Tennessee bill to untangle gun and voting rights restoration is killed for the year

NASHVILLE, Tenn. (AP) — Tennessee lawmakers have killed a bipartisan bill for the year that would have let residents convicted of felonies apply to vote again without also restoring their gun rights.

Democratic Rep. Antonio Parkinson and Republican Sen. Paul Bailey advanced the bill late in Tennessee’s annual legislative session. But a split House committee voted 8-6 on Wednesday to send the bill to a summer study before next year’s legislative session, effectively spiking it for 2024, barring some unusual move.

“We’re not giving people the chance to get back to being a productive citizen, getting back to living life,” Parkinson told The Associated Press after the vote. “We want them to pay for the rest of their lives for a mistake that they made, and it’s sad, and sickening.”

Some Republicans argued they prefer to study citizenship rights issues in state law more broadly this summer and propose various changes next year.

“They’ve committed the felony, there’s a punishment for that, but once it’s over, there’s a road back to redemption,” said Republican House Majority Leader William Lamberth. “We’ve allowed that road to become too cumbersome and twisted, instead of straight and easy. I’m all for rewriting the code. But I don’t think just this bill is the way to do it.”

Lamberth has previously downplayed concerns surrounding the state’s policy on restoring voting rights, saying his “advice is don’t commit a felony” and that the “best way to not have to deal with that issue is don’t commit the felony to begin with.”

The proposal sought to undo restrictions established in July. At the time, election officials interpreted a state Supreme Court ruling as requiring people convicted of felonies to get their full citizenship rights restored by a judge, or show they were pardoned, before they could apply for reinstated voting rights. In January, the elections office confirmed that voting rights restoration would also require getting back gun rights.

The bill would have allowed a judge to restore someone’s right to vote separate from other rights, including those regarding guns, serving on a jury, holding public office and having certain fiduciary powers. The other rights would have similarly been eligible to be restored individually, except for gun rights, which would have required restoring the other rights too, in alignment with current legal standards.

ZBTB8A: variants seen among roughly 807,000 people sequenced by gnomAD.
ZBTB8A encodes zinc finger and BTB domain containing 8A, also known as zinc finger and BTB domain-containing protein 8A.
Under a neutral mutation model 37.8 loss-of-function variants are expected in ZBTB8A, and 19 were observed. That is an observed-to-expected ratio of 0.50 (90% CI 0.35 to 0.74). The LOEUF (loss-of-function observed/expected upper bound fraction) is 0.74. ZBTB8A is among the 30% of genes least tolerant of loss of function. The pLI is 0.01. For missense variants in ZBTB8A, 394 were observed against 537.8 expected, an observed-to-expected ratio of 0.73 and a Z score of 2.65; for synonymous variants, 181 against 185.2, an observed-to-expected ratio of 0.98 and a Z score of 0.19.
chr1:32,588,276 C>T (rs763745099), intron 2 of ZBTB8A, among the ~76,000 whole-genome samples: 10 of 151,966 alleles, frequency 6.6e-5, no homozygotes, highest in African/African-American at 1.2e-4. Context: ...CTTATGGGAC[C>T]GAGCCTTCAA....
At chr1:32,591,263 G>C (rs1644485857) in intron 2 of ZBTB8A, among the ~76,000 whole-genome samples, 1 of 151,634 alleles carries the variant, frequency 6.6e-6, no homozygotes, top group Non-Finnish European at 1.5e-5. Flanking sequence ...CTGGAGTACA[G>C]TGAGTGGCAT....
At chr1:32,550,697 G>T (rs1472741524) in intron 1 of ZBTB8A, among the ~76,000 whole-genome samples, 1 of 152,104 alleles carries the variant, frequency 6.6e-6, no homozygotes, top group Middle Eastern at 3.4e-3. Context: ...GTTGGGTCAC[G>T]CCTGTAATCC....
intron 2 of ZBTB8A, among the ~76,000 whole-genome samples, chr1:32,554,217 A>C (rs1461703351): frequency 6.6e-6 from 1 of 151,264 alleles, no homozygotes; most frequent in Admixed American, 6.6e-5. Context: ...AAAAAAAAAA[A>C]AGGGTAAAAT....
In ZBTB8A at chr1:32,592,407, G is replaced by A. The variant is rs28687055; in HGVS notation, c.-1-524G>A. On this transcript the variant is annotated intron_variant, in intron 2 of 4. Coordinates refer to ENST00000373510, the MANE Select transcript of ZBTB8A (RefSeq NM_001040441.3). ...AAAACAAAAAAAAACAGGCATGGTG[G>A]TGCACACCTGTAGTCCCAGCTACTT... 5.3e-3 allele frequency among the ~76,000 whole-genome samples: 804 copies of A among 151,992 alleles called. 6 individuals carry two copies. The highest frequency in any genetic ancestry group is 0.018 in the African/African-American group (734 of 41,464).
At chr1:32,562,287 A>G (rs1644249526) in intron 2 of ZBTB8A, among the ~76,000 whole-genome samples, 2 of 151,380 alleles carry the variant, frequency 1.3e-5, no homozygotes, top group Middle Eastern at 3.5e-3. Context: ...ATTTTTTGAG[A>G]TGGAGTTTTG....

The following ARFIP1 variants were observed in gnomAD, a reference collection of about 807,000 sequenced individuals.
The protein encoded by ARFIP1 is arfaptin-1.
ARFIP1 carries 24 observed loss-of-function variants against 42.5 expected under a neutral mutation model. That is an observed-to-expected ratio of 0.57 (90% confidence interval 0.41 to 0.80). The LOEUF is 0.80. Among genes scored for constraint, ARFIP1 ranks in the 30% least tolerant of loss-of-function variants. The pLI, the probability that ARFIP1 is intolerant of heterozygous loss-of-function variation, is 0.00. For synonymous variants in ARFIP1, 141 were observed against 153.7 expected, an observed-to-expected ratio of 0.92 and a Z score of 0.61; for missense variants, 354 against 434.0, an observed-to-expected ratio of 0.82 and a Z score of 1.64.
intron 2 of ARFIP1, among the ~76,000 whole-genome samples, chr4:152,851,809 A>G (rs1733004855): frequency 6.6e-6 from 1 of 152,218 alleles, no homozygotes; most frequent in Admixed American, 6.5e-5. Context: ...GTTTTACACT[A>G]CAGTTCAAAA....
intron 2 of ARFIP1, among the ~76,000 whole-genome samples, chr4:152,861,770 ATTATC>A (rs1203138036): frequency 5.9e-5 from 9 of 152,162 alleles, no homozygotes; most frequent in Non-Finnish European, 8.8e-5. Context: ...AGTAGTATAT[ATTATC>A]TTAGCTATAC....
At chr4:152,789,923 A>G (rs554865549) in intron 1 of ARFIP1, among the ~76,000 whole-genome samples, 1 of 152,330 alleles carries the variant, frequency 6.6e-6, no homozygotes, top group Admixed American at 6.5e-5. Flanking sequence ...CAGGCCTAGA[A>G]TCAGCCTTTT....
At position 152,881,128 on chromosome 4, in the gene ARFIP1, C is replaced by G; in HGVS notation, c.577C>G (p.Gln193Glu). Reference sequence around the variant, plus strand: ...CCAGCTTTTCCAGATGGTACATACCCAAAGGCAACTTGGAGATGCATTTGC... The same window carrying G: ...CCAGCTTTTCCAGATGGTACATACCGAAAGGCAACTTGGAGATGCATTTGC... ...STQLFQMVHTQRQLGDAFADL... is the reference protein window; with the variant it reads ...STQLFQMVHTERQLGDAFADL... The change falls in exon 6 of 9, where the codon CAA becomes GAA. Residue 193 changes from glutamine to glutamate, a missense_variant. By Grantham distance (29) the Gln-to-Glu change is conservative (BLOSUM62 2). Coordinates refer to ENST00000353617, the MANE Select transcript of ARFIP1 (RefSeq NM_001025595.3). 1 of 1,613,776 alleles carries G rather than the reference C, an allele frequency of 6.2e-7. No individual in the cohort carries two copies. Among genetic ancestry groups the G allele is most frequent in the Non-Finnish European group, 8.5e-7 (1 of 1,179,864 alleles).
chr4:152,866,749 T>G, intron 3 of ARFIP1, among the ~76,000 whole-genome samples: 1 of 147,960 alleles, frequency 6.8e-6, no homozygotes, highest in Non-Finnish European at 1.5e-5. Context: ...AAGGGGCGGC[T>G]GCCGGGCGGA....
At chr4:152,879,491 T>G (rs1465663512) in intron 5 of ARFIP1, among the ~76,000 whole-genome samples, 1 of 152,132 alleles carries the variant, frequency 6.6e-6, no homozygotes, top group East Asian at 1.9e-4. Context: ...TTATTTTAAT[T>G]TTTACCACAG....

Since the July voting rights restoration policy change, officials have approved 12 applications to restore voting rights and denied 135, according to the secretary of state’s office. In the seven months before, about 200 people were approved and 120 denied.

Expungement offers a separate path to restore voting rights, but many felonies are ineligible. There have been 126 restorations by expungement since the July change, compared with 21 in the seven months before.

Voting rights advocates have argued the elections office’s legal interpretations have been way off-base. A group of Democratic state lawmakers has asked the U.S. Department of Justice to investigate. And a lawsuit over Tennessee’s restoration process has been ongoing for years, well before the recent changes.

Tennessee had established a process under a 2006 law for people convicted of a felony to petition for voting rights restoration. It allows them to seek restoration if they can show they have served their sentences and do not owe outstanding court costs or child support. An applicant wouldn’t have to go to court or get a governor’s pardon.

Now, applicants must get their citizenship rights back in court or through a pardon by a governor or other high-level official, then complete the old process.

In Tennessee, felonies involving drugs or violence specifically remove someone’s gun rights, and action such as a governor’s pardon is needed to restore their voting rights. The gun issue also adds to an existing, complicated list of disqualifying felonies that differ depending on conviction date.

Parkinson said his bill acknowledged issues in other sections of the law similarly to some Republican proposals that passed the same committee. He said the vote was hypocritical.

“Either they have no interest in giving people their rights back, or they killed this bill so that they can come back and run it themselves next year,” Parkinson said. ”We call that ‘bill-jacking.’ But in the interim, you have people that are not going to have their rights.”

Copyright © 2024 The Associated Press. All rights reserved. This material may not be published, broadcast, written or redistributed.

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